Many constituents have contacted me about the government implementing winter Plan B to tackle the new Omicron virus variant. To assist others this is a quick guide to some of the most common questions asked.
Updated - 15th December 2021
Why are we re-introducing some Covid restrictions?
The Omicron variant is spreading extremely fast in the UK. down the spread of infection through Plan B helps buy time so we have a better idea of how transmission of the Omicron variant will develop. Daily the Government is considering four key factors:
- the efficacy of vaccines and boosters;
- severity of disease;
- extent of transmissibility;
- rate of hospitalisation.
At the moment we are making decisions with very limited information, but new data on these variables is coming in every day, from the UK, South Africa and around the world. We need to prepare for a potential scenario where many workforces are affected by too many people being off sick with Covid at the same time.
What are these further restrictions to our everyday lives?
These measures are limited in nature, in response to the current increase in cases, and avoid a full lockdown. There are no business closures and no restrictions on social gatherings. Work from home is for guidance only – there is no mandatory “stay at home” order. The only legal restrictions are mandatory face masks in most indoor public places and requiring proof of a negative test or double vaccination to enter some venues (specifically nightclubs and mass events, but not pubs or restaurants).
How long will these additional restrictions last week?
The regulations ensure these measures won’t be in place longer than necessary. These regulations automatically expire after 6 weeks, (on 26 January, having come into force on 10 and 15 December). The Government will review the measures after 3 weeks and update the House of Commons as soon as it returns in the New Year. If we can end these measures earlier than 26 January, we will.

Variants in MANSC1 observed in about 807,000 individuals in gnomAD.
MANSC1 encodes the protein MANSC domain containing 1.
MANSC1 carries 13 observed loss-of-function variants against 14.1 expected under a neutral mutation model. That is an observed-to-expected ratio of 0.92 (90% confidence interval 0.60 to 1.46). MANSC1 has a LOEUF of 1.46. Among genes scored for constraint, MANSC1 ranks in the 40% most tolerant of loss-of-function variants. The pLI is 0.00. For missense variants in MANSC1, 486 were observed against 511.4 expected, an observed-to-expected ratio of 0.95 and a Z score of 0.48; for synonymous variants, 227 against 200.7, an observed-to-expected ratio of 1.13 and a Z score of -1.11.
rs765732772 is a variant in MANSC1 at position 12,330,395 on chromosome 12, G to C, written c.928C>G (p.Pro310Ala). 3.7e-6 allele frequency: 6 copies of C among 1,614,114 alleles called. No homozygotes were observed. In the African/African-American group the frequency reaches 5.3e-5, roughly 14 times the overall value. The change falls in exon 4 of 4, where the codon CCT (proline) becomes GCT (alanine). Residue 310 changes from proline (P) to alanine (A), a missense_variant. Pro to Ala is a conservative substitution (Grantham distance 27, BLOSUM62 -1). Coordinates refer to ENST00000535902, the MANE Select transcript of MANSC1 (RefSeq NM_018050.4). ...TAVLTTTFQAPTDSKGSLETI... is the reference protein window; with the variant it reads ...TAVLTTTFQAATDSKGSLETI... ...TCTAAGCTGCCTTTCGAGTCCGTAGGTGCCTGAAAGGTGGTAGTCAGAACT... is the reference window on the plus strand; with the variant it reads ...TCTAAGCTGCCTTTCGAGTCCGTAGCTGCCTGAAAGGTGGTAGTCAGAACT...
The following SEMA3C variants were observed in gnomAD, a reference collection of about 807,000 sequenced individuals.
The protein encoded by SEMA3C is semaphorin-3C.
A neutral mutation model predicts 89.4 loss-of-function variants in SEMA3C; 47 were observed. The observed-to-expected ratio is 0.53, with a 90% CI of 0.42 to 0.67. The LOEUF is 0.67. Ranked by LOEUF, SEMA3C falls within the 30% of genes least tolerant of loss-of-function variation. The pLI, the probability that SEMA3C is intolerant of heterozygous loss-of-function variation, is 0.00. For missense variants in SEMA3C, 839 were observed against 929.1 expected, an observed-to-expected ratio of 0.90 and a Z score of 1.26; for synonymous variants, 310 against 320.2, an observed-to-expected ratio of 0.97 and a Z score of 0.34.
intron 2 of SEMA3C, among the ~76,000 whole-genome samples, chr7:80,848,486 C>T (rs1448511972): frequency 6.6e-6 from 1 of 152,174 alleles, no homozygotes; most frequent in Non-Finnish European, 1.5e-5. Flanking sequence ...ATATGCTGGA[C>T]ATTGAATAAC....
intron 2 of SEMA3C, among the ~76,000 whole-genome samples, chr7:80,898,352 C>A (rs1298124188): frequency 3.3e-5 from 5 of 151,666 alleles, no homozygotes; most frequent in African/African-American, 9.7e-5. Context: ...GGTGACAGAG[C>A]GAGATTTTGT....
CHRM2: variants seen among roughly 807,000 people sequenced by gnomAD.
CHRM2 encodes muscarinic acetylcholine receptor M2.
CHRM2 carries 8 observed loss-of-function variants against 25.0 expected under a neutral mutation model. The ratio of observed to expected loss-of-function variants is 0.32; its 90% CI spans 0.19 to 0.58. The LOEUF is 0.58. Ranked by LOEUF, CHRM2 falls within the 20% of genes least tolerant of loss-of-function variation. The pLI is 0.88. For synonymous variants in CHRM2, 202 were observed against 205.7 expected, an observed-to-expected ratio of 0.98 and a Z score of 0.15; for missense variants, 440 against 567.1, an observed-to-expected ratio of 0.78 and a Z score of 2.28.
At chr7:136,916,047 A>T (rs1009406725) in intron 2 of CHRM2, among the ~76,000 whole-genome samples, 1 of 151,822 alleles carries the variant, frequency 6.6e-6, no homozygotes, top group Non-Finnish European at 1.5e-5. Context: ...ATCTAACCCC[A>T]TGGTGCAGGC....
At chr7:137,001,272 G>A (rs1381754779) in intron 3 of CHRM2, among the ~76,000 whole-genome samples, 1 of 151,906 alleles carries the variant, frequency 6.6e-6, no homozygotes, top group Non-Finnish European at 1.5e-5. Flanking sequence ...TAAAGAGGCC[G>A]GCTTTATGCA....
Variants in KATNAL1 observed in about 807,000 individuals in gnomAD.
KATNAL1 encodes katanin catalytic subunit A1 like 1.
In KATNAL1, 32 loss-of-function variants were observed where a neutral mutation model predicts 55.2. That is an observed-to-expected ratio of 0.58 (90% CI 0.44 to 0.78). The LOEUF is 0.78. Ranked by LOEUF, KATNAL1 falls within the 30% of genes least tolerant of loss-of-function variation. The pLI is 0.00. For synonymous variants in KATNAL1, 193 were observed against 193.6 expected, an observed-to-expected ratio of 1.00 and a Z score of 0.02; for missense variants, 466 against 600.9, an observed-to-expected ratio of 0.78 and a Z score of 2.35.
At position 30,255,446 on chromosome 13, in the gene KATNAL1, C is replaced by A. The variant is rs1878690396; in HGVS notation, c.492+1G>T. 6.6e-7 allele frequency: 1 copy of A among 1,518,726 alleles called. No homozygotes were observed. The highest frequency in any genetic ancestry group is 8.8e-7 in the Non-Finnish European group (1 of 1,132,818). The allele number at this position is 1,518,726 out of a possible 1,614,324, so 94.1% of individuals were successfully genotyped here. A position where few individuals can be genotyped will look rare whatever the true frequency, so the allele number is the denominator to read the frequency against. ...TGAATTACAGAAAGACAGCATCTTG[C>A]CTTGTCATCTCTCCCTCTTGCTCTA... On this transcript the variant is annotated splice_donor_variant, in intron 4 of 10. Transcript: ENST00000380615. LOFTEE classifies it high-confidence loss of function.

Why are you not introducing vaccine passports?
We listened to concerns in Parliament and we are not proceeding with vaccine passports as originally intended in Plan B – instead negative tests will be sufficient. Anyone will be able to attend mass events and nightclubs if they show proof of a negative lateral flow test, regardless of vaccination status. Unvaccinated people can get lateral flow tests for free from gov.uk or pharmacies and take them at home. People who have had two vaccine doses won’t need to take a test. Boosters are not required and under-18s are exempt.
I can't have the vaccine or take test for medical reasons, won't the restrictions mean I can't go certain events?
Some individuals are unable to be vaccinated and, in some cases, tested for medical reasons. In these circumstances you can apply for proof that a medical exemption applies. With this medical exemption you'll be able to use the NHS Covid Pass to enter certain venues and mass events that will require evidence of Covid status. You can find details about how to apply here.
How are other countries reacting to a new wave of the virus? Are we over-reacting?
Even with Plan B, we still have far fewer restrictions than most of Europe. In response to Omicron, Denmark has closed schools, Norway has imposed legal limits on gatherings, and Ireland has closed nightclubs, introduced the rule of 6 in hospitality and limited visitors to private homes. In response to Delta, Germany has locked down the unvaccinated population and proposed mandatory vaccination, Austria is emerging from a full lockdown, and France has closed nightclubs and requires health passes for hospitality. We’ve been able to introduce fewer restrictions than these countries because of the success of our vaccine procurement and rollout.
Will the vaccine programme stop this wave?
Our exit strategy for this pandemic is vaccine. Scientists are confident that, while 2 doses of vaccine are likely to be less effective against Omicron, the boosters will still provide at least some protection. That is why the Prime Minister announced another step-up in the rollout of the vaccination programme. In the medium term, vaccines will be reformulated to tackle specific variants, and “multi-valent” vaccines will be able to take on multiple variants.
What’s all the worry when the evidence suggests the Omicron symptoms are “far milder”?
It would be very good news if Omicron is less severe, though there isn’t enough current evidence to prove this. Previously in the pandemic, infections among young people have always spread to older people, before then leading to higher hospitalisations and deaths.
Even if Omicron is milder, the danger remains that if Omicron spreads so much more quickly – because it’s intrinsically more transmissible, or it escapes immunity, or a combination of the two – that so many people get sick at the same time and hospitals can’t cope with the flood of patients.